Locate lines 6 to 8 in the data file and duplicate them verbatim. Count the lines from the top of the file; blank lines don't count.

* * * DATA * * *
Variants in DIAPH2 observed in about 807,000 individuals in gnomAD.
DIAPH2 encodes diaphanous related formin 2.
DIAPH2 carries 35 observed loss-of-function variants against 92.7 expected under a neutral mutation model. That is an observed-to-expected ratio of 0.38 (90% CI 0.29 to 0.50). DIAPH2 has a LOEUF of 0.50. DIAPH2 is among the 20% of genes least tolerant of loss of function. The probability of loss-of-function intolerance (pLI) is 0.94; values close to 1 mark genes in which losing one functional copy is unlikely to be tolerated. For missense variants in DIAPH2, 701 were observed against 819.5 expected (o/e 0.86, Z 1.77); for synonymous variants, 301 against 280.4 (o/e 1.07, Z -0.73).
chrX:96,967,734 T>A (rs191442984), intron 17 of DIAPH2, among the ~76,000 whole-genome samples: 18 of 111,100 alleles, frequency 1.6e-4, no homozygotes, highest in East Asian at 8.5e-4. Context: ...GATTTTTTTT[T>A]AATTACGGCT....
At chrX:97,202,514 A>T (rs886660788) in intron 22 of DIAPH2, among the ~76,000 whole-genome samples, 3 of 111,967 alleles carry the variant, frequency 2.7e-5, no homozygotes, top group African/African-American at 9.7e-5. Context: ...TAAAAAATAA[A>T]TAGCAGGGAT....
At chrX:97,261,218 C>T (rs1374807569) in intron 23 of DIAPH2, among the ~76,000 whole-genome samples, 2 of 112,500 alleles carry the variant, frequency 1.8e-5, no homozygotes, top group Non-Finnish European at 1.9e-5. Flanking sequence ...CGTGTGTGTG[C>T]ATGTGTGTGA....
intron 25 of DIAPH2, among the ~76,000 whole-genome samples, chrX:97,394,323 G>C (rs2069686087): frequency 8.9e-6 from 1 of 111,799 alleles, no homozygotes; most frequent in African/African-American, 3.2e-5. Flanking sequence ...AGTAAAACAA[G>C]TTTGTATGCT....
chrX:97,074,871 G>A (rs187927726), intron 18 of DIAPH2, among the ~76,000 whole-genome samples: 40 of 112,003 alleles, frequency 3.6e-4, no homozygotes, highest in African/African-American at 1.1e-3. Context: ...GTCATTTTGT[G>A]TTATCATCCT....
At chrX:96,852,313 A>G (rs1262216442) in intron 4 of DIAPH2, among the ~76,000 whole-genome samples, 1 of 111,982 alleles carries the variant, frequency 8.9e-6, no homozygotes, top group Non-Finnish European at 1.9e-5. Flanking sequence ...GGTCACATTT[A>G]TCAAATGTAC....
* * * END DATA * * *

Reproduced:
At chrX:97,261,218 C>T (rs1374807569) in intron 23 of DIAPH2, among the ~76,000 whole-genome samples, 2 of 112,500 alleles carry the variant, frequency 1.8e-5, no homozygotes, top group Non-Finnish European at 1.9e-5. Flanking sequence ...CGTGTGTGTG[C>T]ATGTGTGTGA....
intron 25 of DIAPH2, among the ~76,000 whole-genome samples, chrX:97,394,323 G>C (rs2069686087): frequency 8.9e-6 from 1 of 111,799 alleles, no homozygotes; most frequent in African/African-American, 3.2e-5. Flanking sequence ...AGTAAAACAA[G>C]TTTGTATGCT....
chrX:97,074,871 G>A (rs187927726), intron 18 of DIAPH2, among the ~76,000 whole-genome samples: 40 of 112,003 alleles, frequency 3.6e-4, no homozygotes, highest in African/African-American at 1.1e-3. Context: ...GTCATTTTGT[G>A]TTATCATCCT....